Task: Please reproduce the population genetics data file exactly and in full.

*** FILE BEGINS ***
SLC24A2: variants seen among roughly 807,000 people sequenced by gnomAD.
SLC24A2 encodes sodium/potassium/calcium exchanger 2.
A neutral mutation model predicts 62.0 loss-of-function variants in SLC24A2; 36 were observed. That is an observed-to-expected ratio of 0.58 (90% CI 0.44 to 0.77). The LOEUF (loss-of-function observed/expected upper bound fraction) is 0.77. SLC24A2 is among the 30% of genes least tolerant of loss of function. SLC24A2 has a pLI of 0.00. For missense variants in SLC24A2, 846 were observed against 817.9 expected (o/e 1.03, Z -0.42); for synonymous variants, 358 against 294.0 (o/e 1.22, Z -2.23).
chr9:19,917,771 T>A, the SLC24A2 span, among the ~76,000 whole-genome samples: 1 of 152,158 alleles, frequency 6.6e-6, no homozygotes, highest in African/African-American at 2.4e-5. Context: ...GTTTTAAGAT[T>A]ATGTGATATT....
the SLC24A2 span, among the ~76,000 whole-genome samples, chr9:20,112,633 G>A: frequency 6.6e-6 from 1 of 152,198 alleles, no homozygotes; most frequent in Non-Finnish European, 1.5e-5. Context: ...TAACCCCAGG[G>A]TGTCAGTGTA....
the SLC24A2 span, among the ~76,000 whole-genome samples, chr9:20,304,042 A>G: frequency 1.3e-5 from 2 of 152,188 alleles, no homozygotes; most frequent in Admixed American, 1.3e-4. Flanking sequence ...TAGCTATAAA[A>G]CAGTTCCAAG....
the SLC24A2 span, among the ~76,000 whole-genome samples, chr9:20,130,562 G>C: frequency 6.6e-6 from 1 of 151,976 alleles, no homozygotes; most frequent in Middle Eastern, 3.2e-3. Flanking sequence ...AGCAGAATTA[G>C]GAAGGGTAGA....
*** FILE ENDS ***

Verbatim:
SLC24A2: variants seen among roughly 807,000 people sequenced by gnomAD.
SLC24A2 encodes sodium/potassium/calcium exchanger 2.
A neutral mutation model predicts 62.0 loss-of-function variants in SLC24A2; 36 were observed. That is an observed-to-expected ratio of 0.58 (90% CI 0.44 to 0.77). The LOEUF (loss-of-function observed/expected upper bound fraction) is 0.77. SLC24A2 is among the 30% of genes least tolerant of loss of function. SLC24A2 has a pLI of 0.00. For missense variants in SLC24A2, 846 were observed against 817.9 expected (o/e 1.03, Z -0.42); for synonymous variants, 358 against 294.0 (o/e 1.22, Z -2.23).
chr9:19,917,771 T>A, the SLC24A2 span, among the ~76,000 whole-genome samples: 1 of 152,158 alleles, frequency 6.6e-6, no homozygotes, highest in African/African-American at 2.4e-5. Context: ...GTTTTAAGAT[T>A]ATGTGATATT....
the SLC24A2 span, among the ~76,000 whole-genome samples, chr9:20,112,633 G>A: frequency 6.6e-6 from 1 of 152,198 alleles, no homozygotes; most frequent in Non-Finnish European, 1.5e-5. Context: ...TAACCCCAGG[G>A]TGTCAGTGTA....
the SLC24A2 span, among the ~76,000 whole-genome samples, chr9:20,304,042 A>G: frequency 1.3e-5 from 2 of 152,188 alleles, no homozygotes; most frequent in Admixed American, 1.3e-4. Flanking sequence ...TAGCTATAAA[A>G]CAGTTCCAAG....
the SLC24A2 span, among the ~76,000 whole-genome samples, chr9:20,130,562 G>C: frequency 6.6e-6 from 1 of 151,976 alleles, no homozygotes; most frequent in Middle Eastern, 3.2e-3. Flanking sequence ...AGCAGAATTA[G>C]GAAGGGTAGA....